Things started to turn around in 1988. Moon missed five games in September and October, but still finished fifth in passing DYAR and second in DVOA behind only league MVP Boomer Esiason. The Oilers went 10-6 and beat the Browns 24-23 in the wild-card game before a 17-10 loss to Marino's nemesis, the Bills, kept them out of the AFC title game.
In 1989, new offensive coordinator Kevin Gilbride brought the run 'n' shoot to Houston, and the Oilers went on a tear. Moon found himself running almost exclusively out of four-wideout sets against defenses that often didn't even bother to field a functional nickelback. He led the league in attempts, completions, and passing yards in both 1990 and 1991. No quarterback completed more passes from 1989 to 1992, while only Marino gained more yards and only Kelly threw for more touchdowns. No quarterback, not even Marino, produced more combined DYAR in those four seasons.
The Oilers made the playoffs every year from 1989 to 1992, but went just 1-4 in the postseason. In the 1989 wild-card game, Moon threw a pair of fourth-quarter touchdowns to give Houston a 23-16 lead before the Pittsburgh Steelers and a quarterback called -- this is true -- "Bubby" rallied for a 26-23 overtime win. Moon was injured and missed the 1990 wild-card game in Cincinnati, when the Bengals went up 34-0 before eventually winning 41-14. In 1991, the Oilers beat the Jets 17-10 in the wild-card game and took a 24-16 fourth-quarter lead in Denver before John Elway rallied the Broncos to a 26-24 win. Most notoriously, they opened a 35-3 lead in the third quarter of the 1992 wild-card game in Buffalo before backup quarterback Frank Reich (the current head coach of the Indianapolis Colts) rallied the Bills to a 41-38 overtime win.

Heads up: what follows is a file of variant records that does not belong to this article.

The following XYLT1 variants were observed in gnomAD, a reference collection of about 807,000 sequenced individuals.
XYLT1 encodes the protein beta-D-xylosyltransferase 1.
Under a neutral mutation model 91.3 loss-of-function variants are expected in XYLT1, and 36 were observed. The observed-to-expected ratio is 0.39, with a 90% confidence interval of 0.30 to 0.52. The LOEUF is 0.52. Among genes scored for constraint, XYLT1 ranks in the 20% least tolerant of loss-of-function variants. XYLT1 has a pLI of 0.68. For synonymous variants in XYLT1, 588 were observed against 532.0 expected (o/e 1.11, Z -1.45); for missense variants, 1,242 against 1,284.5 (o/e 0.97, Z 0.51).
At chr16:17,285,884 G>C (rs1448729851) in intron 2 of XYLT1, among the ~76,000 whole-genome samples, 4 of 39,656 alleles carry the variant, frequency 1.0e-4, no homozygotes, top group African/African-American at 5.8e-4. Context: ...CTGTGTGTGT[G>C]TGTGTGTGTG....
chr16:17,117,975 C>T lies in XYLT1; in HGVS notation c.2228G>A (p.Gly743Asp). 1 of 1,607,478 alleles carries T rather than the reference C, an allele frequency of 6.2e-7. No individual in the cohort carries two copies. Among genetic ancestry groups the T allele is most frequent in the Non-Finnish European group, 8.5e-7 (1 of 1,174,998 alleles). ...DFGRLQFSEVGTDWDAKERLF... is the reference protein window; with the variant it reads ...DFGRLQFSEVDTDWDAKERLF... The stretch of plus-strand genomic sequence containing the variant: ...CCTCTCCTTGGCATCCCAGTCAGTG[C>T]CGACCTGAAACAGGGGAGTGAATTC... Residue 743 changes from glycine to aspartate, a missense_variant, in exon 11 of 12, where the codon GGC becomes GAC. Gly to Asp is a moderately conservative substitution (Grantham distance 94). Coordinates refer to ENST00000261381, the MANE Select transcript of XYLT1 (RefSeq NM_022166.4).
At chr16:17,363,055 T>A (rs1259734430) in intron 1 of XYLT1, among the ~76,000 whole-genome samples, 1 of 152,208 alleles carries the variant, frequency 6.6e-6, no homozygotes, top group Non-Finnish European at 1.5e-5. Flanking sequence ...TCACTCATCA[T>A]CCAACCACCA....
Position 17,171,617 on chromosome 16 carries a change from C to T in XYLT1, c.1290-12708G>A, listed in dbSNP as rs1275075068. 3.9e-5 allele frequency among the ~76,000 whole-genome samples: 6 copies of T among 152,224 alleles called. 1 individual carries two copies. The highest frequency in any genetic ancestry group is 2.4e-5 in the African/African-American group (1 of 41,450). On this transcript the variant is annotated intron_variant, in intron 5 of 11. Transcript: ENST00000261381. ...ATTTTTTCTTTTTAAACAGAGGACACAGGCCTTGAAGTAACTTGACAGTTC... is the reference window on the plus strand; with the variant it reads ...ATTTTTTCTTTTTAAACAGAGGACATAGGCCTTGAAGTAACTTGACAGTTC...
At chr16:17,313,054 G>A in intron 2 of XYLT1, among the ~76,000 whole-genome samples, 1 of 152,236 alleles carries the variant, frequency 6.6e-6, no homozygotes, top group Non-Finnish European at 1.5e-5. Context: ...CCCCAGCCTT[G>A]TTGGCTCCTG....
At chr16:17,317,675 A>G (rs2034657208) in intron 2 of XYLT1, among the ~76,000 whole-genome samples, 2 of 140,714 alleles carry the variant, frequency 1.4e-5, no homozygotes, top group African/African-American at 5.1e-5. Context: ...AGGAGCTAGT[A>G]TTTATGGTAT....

The common theme in those losses was Moon producing a lead that his defense could not protect. Including the defeat to Buffalo to end the 1988 season, Moon's numbers in those playoff exits: 65.3% completion rate, 7.5 yards per pass, nine touchdowns, four interceptions, a passer rating of 95.7, and only six sacks.
Moon's streak ended the next year as he had only 304 passing DYAR and a negative DVOA. The Oilers still went 12-4 and made the playoffs; in the fourth quarter of the wild-card game, they took a 13-7 lead over Kansas City in the fourth quarter before Joe Montana rallied the Chiefs to a 28-20 win. Tired of blowing all these leads in the postseason, the Oilers traded Moon to the Vikings for third- and fourth-round picks. Under that name, they would never make the playoffs again -- the franchise didn't return to the postseason until 1999, when they were called the Titans and had moved to Memphis and then Nashville.